Antibiotic A-4696 factors B1, B2, B3, C1a, C3, and E1 also show growth promotant activity and accelerate the growth rate and increase feed efficiency in poultry, swine, sheep, and beef cattle. For example, the daily ingestion by poultry and swine of one or more antibiotics of the present invention in an amount of about 0.5 mg. to about 25 mg./kg. of body weight, results in faster growth and greater feed efficiency than that registered by animals fed the same basal ration without the active agent. The term "basal ration" refers to the total feed intake of the animal and consists of the various feedstuffs, concentrates, supplements, minerals, vitamins or medicated premixes, roughages, and the like containing the dietary requirements of the animal. Typical basal rations for poultry and swine are found in U.S. Pat. No. 4,115,552.

In an important embodiment of the present invention, antibiotic A-4696 factor B1, B2, B3, C1a, C3, or E1, or a suitable derivative or mixture thereof, is administered orally in a suitable feed in an amount of about 2 to 200 grams per ton of total feed to provide for increased feed efficiency and growth promotion activity. The addition of the active antibiotic A-4696 factors of this invention to animal feed is preferably accomplished by preparing an appropriate feed premix (such as, for example, is disclosed in U.S. Pat. No. 4,115,552) containing about 1 to 100 grams of antibiotic A-4696 factor B1, B2, B3, C1a, C3, or E1, or a suitable derivative or mixture thereof, per pound of premix. The completed premix is then incorporated into the final ration. Alternatively, an intermediate concentrate or feed supplement containing the active agent can be blended into the feed.

While the novel antibiotic A-4696 factors B1, B2, B3, C1a, C3, and E1 are useful in several different ways, they are particularly effective as antibiotics. Substances which exhibit this type of activity are always in demand for the treatment of microbially related health problems generally.

The novel antibiotic factors of this invention are isolated from antibiotic A-4696, the latter being produced by culturing one of several strains of Actinoplanes under aerobic conditions in a suitable culture medium until the culture medium contains substantial antibiotic activity. The antibiotic factors can be recovered by employing various appropriate isolation and purification procedures.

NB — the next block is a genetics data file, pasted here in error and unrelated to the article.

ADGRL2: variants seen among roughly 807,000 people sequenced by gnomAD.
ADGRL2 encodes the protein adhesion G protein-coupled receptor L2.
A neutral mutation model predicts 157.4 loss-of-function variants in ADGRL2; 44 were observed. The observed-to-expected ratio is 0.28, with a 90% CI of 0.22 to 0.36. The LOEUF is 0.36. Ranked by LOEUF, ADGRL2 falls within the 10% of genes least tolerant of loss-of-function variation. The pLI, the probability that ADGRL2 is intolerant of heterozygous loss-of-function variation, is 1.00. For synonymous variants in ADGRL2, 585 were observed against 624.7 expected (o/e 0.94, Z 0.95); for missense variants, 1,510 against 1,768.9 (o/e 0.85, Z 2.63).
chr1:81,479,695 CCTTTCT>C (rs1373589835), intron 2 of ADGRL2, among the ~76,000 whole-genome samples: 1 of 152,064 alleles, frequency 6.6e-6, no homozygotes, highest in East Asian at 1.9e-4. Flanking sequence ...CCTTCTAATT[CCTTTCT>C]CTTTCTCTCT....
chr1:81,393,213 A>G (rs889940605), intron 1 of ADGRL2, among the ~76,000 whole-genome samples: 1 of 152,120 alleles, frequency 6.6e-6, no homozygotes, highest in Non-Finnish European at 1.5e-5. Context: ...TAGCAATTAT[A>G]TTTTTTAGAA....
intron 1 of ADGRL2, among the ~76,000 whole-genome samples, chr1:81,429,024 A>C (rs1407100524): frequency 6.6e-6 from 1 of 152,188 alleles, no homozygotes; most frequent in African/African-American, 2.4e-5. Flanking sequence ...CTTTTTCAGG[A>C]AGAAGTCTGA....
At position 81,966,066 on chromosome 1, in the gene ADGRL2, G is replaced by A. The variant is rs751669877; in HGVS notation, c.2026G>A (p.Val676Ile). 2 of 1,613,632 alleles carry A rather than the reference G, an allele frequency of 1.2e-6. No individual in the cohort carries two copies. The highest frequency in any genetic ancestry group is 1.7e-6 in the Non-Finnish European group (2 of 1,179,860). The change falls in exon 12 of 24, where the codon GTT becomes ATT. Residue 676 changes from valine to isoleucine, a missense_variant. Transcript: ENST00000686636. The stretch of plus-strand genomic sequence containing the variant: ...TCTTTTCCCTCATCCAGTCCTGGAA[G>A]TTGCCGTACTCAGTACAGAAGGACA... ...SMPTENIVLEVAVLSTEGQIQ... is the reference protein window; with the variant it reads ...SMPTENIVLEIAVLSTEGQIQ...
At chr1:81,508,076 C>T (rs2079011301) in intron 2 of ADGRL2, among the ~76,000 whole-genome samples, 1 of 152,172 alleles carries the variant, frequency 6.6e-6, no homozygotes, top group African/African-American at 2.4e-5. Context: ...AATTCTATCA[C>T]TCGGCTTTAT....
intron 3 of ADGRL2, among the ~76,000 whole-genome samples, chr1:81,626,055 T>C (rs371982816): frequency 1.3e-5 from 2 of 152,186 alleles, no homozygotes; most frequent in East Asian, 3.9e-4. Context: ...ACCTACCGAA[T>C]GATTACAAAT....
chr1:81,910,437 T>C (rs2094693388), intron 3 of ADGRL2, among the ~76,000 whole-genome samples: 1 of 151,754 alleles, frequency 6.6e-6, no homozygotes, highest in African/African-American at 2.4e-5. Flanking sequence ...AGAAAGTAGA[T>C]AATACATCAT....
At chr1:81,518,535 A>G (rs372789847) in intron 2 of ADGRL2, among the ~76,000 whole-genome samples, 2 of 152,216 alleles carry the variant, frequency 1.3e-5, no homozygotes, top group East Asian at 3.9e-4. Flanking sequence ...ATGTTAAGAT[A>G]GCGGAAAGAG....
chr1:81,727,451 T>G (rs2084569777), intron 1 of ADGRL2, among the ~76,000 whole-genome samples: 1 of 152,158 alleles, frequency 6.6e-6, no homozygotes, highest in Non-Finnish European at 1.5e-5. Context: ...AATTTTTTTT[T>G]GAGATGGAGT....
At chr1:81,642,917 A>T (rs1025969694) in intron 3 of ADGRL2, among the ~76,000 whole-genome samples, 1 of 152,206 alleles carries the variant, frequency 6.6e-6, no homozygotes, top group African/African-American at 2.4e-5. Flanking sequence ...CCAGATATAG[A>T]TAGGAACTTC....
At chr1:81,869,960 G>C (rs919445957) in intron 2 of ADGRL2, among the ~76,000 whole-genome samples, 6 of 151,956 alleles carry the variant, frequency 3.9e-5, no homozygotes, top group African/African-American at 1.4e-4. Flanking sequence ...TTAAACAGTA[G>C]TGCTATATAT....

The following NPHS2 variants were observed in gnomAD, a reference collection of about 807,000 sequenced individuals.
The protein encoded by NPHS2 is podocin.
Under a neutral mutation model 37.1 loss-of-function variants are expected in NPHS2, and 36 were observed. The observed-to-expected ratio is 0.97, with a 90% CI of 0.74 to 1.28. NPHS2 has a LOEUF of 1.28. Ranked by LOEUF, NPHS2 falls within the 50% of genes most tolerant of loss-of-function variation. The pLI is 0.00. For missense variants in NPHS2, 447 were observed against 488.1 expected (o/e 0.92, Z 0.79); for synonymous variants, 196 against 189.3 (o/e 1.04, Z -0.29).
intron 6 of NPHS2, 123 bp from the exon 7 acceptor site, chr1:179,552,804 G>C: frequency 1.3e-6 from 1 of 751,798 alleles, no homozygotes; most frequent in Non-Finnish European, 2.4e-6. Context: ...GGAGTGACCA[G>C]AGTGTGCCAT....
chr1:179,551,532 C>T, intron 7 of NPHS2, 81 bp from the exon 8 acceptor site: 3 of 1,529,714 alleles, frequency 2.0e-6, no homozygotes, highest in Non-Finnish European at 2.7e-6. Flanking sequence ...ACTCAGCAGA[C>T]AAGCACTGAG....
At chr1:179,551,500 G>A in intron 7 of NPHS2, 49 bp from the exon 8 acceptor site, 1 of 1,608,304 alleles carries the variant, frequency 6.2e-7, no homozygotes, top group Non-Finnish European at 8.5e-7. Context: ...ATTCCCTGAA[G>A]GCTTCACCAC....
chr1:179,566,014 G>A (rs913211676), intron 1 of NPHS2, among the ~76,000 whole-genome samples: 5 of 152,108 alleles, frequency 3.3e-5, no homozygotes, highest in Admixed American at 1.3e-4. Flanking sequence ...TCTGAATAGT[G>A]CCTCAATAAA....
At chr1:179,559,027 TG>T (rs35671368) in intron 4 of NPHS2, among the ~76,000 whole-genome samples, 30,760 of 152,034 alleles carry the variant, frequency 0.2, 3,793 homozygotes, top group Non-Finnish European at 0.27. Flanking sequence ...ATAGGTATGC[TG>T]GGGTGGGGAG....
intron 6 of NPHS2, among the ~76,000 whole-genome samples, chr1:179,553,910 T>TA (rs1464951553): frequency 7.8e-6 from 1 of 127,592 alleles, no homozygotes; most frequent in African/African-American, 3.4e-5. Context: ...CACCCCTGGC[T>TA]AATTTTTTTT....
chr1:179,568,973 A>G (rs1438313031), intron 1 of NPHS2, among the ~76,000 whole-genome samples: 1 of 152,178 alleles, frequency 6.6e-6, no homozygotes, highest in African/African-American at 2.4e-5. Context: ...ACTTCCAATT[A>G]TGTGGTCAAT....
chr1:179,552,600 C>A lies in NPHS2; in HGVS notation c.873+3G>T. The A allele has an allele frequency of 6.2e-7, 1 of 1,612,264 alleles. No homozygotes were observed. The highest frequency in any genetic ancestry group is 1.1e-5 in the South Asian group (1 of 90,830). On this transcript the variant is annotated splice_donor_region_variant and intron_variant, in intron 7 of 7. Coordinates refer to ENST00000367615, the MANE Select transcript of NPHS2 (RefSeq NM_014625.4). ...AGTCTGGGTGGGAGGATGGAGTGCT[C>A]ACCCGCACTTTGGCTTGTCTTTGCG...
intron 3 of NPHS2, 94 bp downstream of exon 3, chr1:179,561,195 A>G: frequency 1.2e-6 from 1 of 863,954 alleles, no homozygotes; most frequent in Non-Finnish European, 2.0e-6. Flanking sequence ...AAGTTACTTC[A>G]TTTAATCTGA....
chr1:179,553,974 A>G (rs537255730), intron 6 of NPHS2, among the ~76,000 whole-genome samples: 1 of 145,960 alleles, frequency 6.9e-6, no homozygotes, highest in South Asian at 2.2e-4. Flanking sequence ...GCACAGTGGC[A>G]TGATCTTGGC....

The microorganism used for the production of antibiotic A-4696 has been identified as a strain of Actinoplanes missouriensis of the family Actinoplanaceae. The Actinoplanaceae are a family of microorganisms of the order Actinomycetales, having been first described by Dr. John N. Couch, Jour. Elisha Mitchell Sci. Soc., 65, 315-318 (1949); and 66, 87-92 (1950); Trans. New York Acad. Sci., 16, 315-318 (1954); Jour. Elisha Mitchell Sci. Soc., 71, 148-155 and 269 (1955); Bergey's Manual of Determinative Bacteriology, 7th Edition, 825-829 (1957); and Jour. Elisha Mitchell Sci. Soc., 79, 53-70 (1963).

Biologically pure cultures of the Actinoplanes missouriensis strains useful for the production of antibiotic A-4696 for subsequent isolation of antibiotic A-4696 factors B1, B2, B3, C1a, C3, and E1 have been deposited and made part of the stock culture collection of the American Type Culture Collection, Rockville, Md., from which they are available to the public without restriction under the numbers ATCC 31680, ATCC 31682, and ATCC 31683. Strain ATCC 31682 is useful for production of antibiotic A-4696 for subsequent isolation of antibiotic A-4696 factors B1 and C1a ; strain ATCC 31680 for isolation of antibiotic A-4696 factors B2 and C3 ; and strain ATCC 31683 for isolation of antibiotic A-4696 factors B3 and E1.

Actinoplanes missouriensis strains ATCC 31680, ATCC 31682, and ATCC 31683 are characterized by the physical and cultural properties set forth in the following paragraphs.